How do I install a .deb file via the command line?

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    Find better: http://www.steptoinstall.com/step-to-install-deb-file-using-command-line-terminal-in-ubuntu.html – KarSho Dec 07 '15 at 12:48
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    Complete answer : [How to install a deb file, by dpkg -i or by apt?](https://unix.stackexchange.com/q/159094/86583) – g_p Dec 04 '18 at 11:34
  • Related: [How to let `dpkg -i` install dependencies for me?](https://askubuntu.com/questions/40011/how-to-let-dpkg-i-install-dependencies-for-me) – Melebius Jul 09 '19 at 19:56

11 Answers11


Packages are manually installed via the dpkg command (Debian Package Management System). dpkg is the backend to commands like apt-get and aptitude, which in turn are the backend for GUI install apps like the Software Center and Synaptic.

Something along the lines of:

dpkg --> apt-get, aptitude --> Synaptic, Software Center

But of course the easiest ways to install a package would be, first, the GUI apps (Synaptic, Software Center, etc..), followed by the terminal commands apt-get and aptitude that add a very nice user friendly approach to the backend dpkg, including but not limited to packaged dependencies, control over what is installed, needs update, not installed, broken packages, etc.. Lastly the dpkg command which is the base for all of them.

Since dpkg is the base, you can use it to install packaged directly from the command line.

Install a package

sudo dpkg -i DEB_PACKAGE

For example if the package file is called askubuntu_2.0.deb then you should do sudo dpkg -i askubuntu_2.0.deb. If dpkg reports an error due to dependency problems, you can run sudo apt-get install -f to download the missing dependencies and configure everything. If that reports an error, you'll have to sort out the dependencies yourself by following for example How do I resolve unmet dependencies after adding a PPA?.

Remove a package

sudo dpkg -r PACKAGE_NAME

For example if the package is called askubuntu then you should do sudo dpkg -r askubuntu.

Reconfigure an existing package

sudo dpkg-reconfigure PACKAGE_NAME

This is useful when you need to reconfigure something related to said package. Some useful examples it the keyboard-configuration when you want to enable the Ctrl+Alt+Backspace in order to reset the X server, so you would the following:

sudo dpkg-reconfigure keyboard-configuration

Another great one is when you need to set the Timezone for a server or your local testing computer, so you use use the tzdata package:

sudo dpkg-reconfigure tzdata
Luis Alvarado
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    Great info, had to find some way to install traceroute to help debug why my machine won't connect to the internet :) – Jason Nov 20 '13 at 15:01
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    Also helpful to note that once installed programs are usually found in /usr/bin, named after what was depackaged. – Chris Moschini Mar 31 '14 at 09:10
  • If I run `sudo apt-get install texlive-latex-base`, it has failed for months with "Hash Sum mismatch". I can download the .deb file from `http://gb.archive.ubuntu.com/ubuntu/pool/main/t/texlive-base/texlive-latex-base-doc_2015.20150625-1ubuntu1_all.deb`. If I install it using dpkg, would it subsequently be recognised (and updated) by apt-get. – user643722 Jan 19 '16 at 17:05
  • Hi @user643722 I was going to recommend deleting the cached version of that package but here you have an answer for the issue http://askubuntu.com/questions/41605/trouble-downloading-packages-list-due-to-a-hash-sum-mismatch-error – Luis Alvarado Jan 20 '16 at 03:05
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    If it's easier and better to install via `aptitude` or `apt-get` (or simply `apt`), why aren't examples for these commands given here? – intuited Nov 18 '17 at 16:56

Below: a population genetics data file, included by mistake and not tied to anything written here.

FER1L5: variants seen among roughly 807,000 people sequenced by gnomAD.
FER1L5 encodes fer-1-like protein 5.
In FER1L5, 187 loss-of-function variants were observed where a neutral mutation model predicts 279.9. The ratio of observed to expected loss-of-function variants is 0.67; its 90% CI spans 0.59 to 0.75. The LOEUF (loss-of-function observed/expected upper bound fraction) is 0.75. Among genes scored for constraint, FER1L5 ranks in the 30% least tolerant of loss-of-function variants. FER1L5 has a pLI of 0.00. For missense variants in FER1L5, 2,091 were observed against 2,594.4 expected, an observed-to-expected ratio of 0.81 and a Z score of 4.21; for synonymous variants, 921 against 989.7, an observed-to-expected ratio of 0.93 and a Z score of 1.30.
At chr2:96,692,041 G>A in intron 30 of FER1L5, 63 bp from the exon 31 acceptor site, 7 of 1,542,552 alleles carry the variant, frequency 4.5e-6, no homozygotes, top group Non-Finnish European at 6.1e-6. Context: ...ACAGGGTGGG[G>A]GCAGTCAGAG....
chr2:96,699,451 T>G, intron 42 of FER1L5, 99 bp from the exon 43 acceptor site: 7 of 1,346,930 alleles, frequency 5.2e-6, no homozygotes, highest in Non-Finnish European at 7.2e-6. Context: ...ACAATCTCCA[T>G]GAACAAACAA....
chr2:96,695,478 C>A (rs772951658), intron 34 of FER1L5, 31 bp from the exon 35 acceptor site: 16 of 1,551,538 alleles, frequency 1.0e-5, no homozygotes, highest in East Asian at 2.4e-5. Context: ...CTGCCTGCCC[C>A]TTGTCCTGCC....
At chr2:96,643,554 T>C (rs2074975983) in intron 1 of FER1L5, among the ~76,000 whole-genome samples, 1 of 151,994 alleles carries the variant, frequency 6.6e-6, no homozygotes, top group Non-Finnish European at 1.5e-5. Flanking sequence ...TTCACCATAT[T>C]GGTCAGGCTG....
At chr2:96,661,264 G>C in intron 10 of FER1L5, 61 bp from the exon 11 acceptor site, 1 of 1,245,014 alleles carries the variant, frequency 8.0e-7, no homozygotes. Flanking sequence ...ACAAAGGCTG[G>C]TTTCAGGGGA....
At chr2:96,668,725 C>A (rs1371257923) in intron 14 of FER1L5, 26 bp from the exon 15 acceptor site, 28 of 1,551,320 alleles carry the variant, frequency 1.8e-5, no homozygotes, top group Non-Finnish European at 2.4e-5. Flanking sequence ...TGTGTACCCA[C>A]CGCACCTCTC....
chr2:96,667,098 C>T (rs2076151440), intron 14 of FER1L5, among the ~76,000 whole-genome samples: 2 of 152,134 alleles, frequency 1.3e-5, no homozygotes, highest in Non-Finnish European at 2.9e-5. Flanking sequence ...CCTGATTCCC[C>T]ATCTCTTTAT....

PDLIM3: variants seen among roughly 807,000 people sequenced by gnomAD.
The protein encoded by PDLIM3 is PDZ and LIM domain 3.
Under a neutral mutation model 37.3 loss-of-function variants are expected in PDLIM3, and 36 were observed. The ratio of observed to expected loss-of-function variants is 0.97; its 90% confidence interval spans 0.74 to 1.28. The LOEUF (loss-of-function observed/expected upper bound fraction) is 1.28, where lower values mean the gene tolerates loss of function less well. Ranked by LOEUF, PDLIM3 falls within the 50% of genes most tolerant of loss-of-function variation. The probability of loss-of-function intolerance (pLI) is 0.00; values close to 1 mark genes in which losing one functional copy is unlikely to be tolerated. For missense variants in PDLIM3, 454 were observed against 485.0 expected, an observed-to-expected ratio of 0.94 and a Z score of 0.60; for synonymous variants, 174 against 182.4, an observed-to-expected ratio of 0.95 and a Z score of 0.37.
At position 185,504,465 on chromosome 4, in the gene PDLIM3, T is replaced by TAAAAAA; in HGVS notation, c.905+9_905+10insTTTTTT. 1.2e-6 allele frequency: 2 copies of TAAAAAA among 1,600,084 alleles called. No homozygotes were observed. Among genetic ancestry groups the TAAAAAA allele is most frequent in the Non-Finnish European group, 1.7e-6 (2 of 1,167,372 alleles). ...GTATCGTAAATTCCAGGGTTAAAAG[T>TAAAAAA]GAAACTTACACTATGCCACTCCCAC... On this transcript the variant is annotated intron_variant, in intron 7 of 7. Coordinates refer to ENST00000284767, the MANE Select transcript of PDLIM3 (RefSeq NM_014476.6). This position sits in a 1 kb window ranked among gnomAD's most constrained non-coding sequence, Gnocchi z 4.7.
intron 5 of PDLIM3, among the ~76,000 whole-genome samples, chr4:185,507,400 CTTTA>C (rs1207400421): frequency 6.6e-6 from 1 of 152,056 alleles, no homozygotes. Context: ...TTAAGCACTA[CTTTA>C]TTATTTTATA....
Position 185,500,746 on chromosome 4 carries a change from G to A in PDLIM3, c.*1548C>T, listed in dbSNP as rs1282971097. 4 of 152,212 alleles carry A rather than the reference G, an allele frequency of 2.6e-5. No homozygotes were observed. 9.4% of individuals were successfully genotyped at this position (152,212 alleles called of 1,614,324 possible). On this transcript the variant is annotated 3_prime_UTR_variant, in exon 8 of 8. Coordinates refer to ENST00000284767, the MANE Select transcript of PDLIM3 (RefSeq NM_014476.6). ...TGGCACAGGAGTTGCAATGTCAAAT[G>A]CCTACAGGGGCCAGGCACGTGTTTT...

• The question is about deb files not packages. I do understand the idea of showing everything in a single answer (am with you in this one) but the OP would need to rephrase the question. Good point btw. – Luis Alvarado Nov 18 '17 at 19:45
  • [To get binaries associated with the package](https://unix.stackexchange.com/a/394605/209677) usually works just: `dpkg -L PACKAGE_NAME | egrep '/bin/|/sbin/'`, or just with `grep bin/`usually also works. – Pablo Bianchi May 26 '18 at 04:10

Debian (.deb) packages are the packages that are used in Ubuntu. You can install any .deb package in your system. .deb files can generally be installed from your file manager (Nautilus) merely by clicking on them, since file associations with the default installer is already set in Ubuntu. These instructions are for those who wish to install packages from the command-line terminal (Terminal).

To install a downloaded Debian (Ubuntu) package (.deb): Open Terminal and type

sudo dpkg -i packagename.deb

To remove a Debian (Ubuntu) package (.deb):

sudo dpkg -r packagename

To Reconfigure/Repair an installed Debian (Ubuntu) package (.deb):

sudo dpkg-reconfigure packagename
Atul Makwana
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My favourite is GDebi, available from both terminal/shell or graphical desktop.


I usually associate .deb files with GDebi as it is fast and efficient - especially compared to Ubuntu Software Center. One of the main feature of GDebi is it resolves dependencies and installs them.

For command-line run sudo gdebi <package.deb> to install a single deb file.

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    it checks for dependencies before installing, thx!! – Aquarius Power Nov 13 '14 at 03:18
  • Can gdebi even download the dependencies or we have to download them manually?? @Pandya – Jasser Aug 29 '15 at 10:27
  • Probably better for people moving in from the non-Linux background. – Nisheet Dec 27 '16 at 11:26
  • +1 for "it resolves dependencies and installs them" which is key. – Fiksdal Jun 04 '17 at 16:54
  • This should be the correct answer. Using `dpkg -i` requires deeper understanding of how the package system works. GDebi does things automatically. Additionally, for those who want a non-gui solution, gdebi has a -n, --non-interactive option. It's like dpkg but it checks for dependencies first and refuses to install if dependencies cannot be resolved. – bamm Oct 27 '20 at 11:39

Are you looking for all dpkg commands? click this link to have a read.

15 dpkg commands to Manage Debian based Linux Servers

DPKG commands

There are two actions, they are dpkg-query and dpkg-deb.

Install a package

# sudo dpkg -i {package_name}    
# sudo dpkg -i skype-ubuntu-precise_4.2.0.11-1_i386.deb

Remove a package

# sudo dpkg -r {package_name}
# sudo dpkg -r vlc

Remove a package and its configuration files